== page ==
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GAVI to support Nigeria, others with $155.7m for Malaria vaccine

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The Global Alliance for Vaccines and Immunisation -GAVI yesterday said it was supporting countries in Sub-Saharan Africa with $155.7m for the procurement and delivery of malaria vaccines starting from 2022.

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In a statement in Abuja GAVI said its board also recognised the need for the integration and strengthening of the primary health care system.

“The board’s historical approval of a malaria vaccine programme and financing will provide a critical new tool for African countries in the fight against malaria.”

“With an initial investment of approximately $155.7m for 2022-2025, the board noted that a successful malaria vaccine programme should support deliberate and intensive coordination between malaria control and immunisation programmes at global and country levels to ensure the most impactful deployment of the vaccine alongside other interventions.”

“Child immunisation provides a powerful platform to reach vulnerable children, including those who are unreached with bed nets or other existing prevention measures and can help advance the equity agenda. Finally, the Board noted opportunities for next generation vaccines and a need for market-shaping efforts to support the development of a healthy malaria vaccine market.”

The CEO of GAVI, Seth Berkley, as saying the decision of the body to finance the vaccination programme would save lots of lives annually.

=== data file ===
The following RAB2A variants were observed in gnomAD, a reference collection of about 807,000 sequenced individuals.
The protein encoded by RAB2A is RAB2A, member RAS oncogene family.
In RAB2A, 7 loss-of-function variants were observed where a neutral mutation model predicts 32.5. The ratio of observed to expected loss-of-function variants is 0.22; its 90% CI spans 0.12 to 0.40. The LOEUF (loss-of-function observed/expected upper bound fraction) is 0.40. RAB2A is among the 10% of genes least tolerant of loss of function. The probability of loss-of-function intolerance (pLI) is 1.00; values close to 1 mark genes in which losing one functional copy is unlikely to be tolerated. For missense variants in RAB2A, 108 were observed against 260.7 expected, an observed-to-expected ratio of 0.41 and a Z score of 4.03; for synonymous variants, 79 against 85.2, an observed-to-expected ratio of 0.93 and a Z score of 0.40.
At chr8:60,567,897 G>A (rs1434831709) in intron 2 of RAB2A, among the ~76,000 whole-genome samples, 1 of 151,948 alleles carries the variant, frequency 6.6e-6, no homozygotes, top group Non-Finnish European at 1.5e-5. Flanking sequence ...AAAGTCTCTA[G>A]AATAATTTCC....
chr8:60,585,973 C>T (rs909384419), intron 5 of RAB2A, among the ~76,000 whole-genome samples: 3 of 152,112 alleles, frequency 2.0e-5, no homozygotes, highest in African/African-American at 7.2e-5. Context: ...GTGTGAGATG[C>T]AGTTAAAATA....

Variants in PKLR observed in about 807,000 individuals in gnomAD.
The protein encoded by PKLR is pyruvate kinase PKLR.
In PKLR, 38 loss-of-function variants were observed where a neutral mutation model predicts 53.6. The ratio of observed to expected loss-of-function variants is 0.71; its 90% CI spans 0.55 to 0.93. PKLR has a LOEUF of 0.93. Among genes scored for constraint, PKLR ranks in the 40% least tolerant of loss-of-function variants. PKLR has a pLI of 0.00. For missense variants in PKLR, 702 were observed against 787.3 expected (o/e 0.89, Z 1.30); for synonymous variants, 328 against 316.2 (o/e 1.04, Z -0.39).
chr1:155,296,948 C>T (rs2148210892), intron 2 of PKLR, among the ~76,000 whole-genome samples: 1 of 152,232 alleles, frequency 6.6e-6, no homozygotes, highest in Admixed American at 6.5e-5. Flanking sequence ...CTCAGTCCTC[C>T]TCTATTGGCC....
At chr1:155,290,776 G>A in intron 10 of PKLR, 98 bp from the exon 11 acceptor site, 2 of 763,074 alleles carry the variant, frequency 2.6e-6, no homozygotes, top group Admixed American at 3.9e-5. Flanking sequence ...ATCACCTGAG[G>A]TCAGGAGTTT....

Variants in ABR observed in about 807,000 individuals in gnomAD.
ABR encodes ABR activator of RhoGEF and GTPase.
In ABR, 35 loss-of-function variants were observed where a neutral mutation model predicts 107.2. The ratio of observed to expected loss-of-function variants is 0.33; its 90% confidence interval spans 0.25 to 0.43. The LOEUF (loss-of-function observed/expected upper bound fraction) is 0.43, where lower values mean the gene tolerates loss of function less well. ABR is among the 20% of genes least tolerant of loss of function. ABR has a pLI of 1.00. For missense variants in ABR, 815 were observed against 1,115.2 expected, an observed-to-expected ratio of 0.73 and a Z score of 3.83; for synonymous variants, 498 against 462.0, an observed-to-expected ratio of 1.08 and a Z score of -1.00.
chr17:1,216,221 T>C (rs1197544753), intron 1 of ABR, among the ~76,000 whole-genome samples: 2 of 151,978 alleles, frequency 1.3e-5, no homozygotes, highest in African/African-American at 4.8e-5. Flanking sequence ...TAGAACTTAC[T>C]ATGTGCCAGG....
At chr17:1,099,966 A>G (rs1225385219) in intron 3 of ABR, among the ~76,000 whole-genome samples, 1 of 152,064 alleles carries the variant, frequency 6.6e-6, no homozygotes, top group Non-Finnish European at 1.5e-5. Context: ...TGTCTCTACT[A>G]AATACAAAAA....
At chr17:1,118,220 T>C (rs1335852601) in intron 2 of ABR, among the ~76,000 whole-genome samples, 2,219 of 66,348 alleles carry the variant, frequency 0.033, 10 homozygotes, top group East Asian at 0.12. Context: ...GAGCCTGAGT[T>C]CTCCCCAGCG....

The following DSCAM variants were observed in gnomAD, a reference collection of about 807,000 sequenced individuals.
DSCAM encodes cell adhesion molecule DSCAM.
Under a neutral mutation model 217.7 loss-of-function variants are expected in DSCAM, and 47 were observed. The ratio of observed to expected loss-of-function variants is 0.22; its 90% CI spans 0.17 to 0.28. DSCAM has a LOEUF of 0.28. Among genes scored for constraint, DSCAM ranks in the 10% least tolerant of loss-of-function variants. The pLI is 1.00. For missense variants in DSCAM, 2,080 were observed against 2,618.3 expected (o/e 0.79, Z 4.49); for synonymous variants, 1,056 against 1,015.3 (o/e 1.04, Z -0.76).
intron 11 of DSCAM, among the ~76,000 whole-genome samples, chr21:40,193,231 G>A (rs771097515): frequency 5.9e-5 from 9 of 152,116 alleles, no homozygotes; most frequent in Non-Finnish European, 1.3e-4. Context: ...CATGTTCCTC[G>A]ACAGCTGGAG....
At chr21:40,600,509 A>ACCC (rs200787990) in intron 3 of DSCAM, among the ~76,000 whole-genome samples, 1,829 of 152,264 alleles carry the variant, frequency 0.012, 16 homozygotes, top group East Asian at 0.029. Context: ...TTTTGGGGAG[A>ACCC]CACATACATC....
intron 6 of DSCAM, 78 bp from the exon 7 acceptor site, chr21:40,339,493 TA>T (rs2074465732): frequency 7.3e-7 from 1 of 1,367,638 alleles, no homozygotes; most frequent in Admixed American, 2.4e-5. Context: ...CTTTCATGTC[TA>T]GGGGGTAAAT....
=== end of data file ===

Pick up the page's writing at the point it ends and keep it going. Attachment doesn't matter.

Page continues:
Berkley said, “Today marks an important milestone in our fight against malaria. This decision by the Gavi Board to finance a new malaria vaccination programme for countries in Sub-Saharan Africa could save tens of thousands of lives annually in Africa.”

“The vaccine is an important additional tool to control malaria in Africa, alongside other interventions, such as routine use of insecticide-treated bed nets, indoor spraying with insecticides, malaria chemoprevention and timely testing and treatment.”

He further said, the body looked forward to working with global malaria stakeholders to make sure countries were able to implement the additional tool in the fight against malaria.

He added, “After considerable gains in the past two decades, progress in malaria control has stalled and new tools are urgently needed to get back on track. More than 260,000 African children under the age of five die from malaria annually and six Gavi-eligible countries account for 50 per cent of global mortality.”

“Africa continues to bear the heaviest malaria burden and African children are at highest risk of dying of malaria, especially at a time when the COVID-19 pandemic threatens disruptions to immunisation programmes.”

 

PHW

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